Three categories of God’s purpose in mission help both to encompass the broad scope of God’s mission and to focus on God’s—and thus Christians’—priorities in mission(s). First is the need for all people to hear the news of Jesus Christ and to turn from self-service, trust in Jesus, and follow Jesus in a way that restores people to how God created us. Ralph Winter’s 1970s conceptualization of Unreached People Groups (foundational for most Evangelicals ever since) sprouts from this essential aspect of God’s mission. Second is God’s ongoing missional concern to grow and mature the church, both quantitatively and qualitatively. That is, God’s people and their growth never cease being an object of God’s mission concern. (That’s why Western peoples have been challenged and changed so much through the modern Western missions movement.) Third, the making right of all things, including structural injustices and people’s overall well-being, is also an essential aspect of God’s mission. Jesus’s oft-mentioned “kingdom” references apply here.
Clearly, then, missiology as “the systematic study of all aspects of mission” becomes a mind-boggling array of interrelated fields. Certainly social sciences are needed, as much of North American missiology has emphasized. So are history and philosophy, the focus areas of much of European mission studies. Indeed, all sorts of disciplines enter into missiology’s wide-ranging interests, be they linguistics, psychology, communications, literature, or most anything else. There is a danger here of slipping into dilemma Stephen Neill warned about: “If everything is mission, then nothing is mission.”2 Even so, limiting “mission” to “missions” as evangelism and church-planting runs a bigger risk of confining God’s intention for this world to what results from Christians’ religious activities, a restriction that clearly does not match the greatness of God’s gracious determination to redeem the entire world that has gone astray.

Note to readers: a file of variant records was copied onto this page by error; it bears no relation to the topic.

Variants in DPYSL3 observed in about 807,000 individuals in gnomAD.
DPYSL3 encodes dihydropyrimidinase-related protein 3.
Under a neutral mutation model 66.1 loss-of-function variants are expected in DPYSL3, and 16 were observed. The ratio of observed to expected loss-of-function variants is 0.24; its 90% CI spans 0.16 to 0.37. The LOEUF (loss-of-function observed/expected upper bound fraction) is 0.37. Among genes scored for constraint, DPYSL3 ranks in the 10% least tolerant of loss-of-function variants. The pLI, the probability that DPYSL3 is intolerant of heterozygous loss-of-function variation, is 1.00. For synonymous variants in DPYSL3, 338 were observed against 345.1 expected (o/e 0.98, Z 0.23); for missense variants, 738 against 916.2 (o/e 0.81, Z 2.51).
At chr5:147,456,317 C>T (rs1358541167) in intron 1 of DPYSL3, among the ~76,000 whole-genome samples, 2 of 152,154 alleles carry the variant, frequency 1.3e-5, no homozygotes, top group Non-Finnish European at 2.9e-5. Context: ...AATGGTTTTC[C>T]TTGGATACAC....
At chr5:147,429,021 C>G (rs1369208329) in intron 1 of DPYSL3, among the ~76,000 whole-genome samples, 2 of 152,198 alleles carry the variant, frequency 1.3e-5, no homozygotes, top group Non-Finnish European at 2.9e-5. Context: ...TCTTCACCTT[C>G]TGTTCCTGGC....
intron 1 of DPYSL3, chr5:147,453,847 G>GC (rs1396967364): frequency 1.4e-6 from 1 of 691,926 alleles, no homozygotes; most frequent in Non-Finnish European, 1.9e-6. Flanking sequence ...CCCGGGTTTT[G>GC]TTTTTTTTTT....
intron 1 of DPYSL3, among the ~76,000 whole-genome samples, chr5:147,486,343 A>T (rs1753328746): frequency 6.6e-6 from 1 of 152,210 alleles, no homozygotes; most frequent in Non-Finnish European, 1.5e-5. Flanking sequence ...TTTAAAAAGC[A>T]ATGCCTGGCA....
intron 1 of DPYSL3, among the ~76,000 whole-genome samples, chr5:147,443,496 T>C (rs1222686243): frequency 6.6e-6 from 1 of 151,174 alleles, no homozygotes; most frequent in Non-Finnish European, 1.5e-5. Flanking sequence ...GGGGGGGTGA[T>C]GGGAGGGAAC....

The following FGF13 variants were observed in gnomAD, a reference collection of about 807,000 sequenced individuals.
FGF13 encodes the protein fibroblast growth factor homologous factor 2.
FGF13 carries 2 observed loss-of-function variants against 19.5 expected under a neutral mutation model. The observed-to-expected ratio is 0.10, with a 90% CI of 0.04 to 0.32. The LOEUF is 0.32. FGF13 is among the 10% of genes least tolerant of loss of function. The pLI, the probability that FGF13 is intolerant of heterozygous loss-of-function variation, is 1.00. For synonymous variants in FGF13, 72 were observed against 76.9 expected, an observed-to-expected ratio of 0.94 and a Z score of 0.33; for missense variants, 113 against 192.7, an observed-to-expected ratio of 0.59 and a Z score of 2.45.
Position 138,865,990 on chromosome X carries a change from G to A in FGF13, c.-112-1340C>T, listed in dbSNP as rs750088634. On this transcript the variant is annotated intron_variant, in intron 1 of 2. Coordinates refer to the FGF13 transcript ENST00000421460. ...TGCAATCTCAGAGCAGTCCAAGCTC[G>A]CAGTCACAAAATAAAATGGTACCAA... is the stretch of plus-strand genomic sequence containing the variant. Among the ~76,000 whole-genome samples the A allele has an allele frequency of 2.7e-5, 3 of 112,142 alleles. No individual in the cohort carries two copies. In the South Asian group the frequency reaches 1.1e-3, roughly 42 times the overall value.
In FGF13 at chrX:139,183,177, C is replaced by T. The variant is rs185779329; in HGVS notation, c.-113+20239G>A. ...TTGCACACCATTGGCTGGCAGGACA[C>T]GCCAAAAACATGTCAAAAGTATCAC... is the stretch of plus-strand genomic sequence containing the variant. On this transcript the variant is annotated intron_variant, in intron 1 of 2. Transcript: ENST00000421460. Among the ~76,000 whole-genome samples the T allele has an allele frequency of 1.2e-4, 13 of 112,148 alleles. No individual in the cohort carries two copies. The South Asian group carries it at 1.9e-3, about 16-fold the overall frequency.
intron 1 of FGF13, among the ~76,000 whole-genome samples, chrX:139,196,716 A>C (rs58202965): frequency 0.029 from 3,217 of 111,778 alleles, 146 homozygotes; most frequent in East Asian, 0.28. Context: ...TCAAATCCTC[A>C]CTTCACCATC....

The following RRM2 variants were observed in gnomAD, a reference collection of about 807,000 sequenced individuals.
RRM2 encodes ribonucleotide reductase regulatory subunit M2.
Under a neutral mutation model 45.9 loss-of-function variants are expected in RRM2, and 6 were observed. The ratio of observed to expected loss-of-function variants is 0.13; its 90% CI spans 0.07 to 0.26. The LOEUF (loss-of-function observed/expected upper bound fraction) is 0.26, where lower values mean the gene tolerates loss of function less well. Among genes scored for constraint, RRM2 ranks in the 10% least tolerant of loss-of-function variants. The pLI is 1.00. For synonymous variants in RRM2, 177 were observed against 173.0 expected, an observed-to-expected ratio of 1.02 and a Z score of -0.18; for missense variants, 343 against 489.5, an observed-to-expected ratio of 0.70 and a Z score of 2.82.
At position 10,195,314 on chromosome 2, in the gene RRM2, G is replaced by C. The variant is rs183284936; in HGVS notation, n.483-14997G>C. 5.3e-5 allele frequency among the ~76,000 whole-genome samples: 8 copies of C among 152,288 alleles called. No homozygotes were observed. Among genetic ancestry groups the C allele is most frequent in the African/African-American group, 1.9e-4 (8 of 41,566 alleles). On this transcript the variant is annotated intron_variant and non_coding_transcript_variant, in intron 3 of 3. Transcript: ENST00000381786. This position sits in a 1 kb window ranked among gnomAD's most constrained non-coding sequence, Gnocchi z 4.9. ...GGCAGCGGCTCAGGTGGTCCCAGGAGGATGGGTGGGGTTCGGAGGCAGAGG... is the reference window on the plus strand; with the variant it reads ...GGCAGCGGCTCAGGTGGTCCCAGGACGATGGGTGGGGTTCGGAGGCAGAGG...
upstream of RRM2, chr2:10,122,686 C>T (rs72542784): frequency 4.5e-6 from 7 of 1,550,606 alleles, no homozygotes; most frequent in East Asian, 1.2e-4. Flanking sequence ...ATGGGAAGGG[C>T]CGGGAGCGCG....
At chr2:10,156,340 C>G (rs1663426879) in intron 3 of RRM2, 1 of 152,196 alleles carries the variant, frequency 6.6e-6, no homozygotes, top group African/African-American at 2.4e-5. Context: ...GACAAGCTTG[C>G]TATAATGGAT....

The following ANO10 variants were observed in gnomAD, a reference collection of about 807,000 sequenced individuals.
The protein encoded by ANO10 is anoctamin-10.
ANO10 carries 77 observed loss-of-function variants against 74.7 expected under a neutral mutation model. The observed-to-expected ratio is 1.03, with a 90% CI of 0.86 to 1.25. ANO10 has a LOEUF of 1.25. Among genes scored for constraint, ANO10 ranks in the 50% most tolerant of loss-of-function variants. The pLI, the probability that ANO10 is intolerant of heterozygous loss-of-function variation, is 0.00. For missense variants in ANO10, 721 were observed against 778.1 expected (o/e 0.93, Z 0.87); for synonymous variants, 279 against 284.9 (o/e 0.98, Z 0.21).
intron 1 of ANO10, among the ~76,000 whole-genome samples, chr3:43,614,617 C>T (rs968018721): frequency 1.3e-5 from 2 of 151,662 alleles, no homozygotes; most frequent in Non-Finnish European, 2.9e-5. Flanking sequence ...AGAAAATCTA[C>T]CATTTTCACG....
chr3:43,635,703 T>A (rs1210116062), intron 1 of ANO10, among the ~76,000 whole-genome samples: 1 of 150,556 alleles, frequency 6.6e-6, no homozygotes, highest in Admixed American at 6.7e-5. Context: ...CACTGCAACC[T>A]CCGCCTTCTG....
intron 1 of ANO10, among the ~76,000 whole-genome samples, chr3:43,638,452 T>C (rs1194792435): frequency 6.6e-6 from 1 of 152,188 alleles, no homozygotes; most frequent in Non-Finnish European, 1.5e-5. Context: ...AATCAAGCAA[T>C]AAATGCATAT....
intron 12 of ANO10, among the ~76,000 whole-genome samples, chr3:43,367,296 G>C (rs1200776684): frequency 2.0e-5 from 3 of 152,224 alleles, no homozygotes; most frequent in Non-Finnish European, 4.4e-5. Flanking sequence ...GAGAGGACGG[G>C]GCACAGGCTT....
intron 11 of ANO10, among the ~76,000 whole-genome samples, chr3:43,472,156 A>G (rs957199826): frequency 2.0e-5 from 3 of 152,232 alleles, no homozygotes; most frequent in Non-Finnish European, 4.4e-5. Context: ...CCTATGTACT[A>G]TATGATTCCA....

In sum, systematically studying all aspects of mission, or carrying out the task of missiology, is as full-orbed a range of fields as can be imagined. In closing this brief discussion, three important qualifications need to be attached. First, God’s commitment to the world, meaning the entire cosmos and all peoples in it, is an essential part of missiology. Consciously recognizing God’s involvement thus sets missiology apart from many other fields of study. Second and related is the need to depend on the Spirit’s guidance and empowerment in going about the missiological task. Third is the acknowledgement that, constituted by such a wide array of study fields that interrelate collectively in doing missiology, there is an inherent dependency on these other fields.
Missiology as “the systematic study of all aspects of mission” demands all that those interested in understanding God’s mission have to offer.
1 Stanley H. Skreslet, Comprehending Mission: The Questions, Methods, Themes, Problems, and Prospects of Missiology (Maryknoll, NY: Orbis Books, 2012), 12.
2 Stephen Neill, Creative Tension (London: Edinburgh House Press, 1959), 81.
Rev. J. Nelson Jennings (PhD, Edinburgh University) is the editor of Global Missiology English, as well as Mission Pastor, Consultant, and International Liaison at Onnuri Church, Seoul, South Korea. He and his family served in Japan for 13 years (1986–1999), first in church-planting then in teaching at Tokyo Christian University. Jennings next taught World Mission for 12 years at Covenant Theological Seminary, then served as director at the Overseas Ministries Study Center 2011–2015. He has published numerous books and articles, and he has also served as editor of Missology: An International Review and International Bulletin of Missionary [now Mission] Research.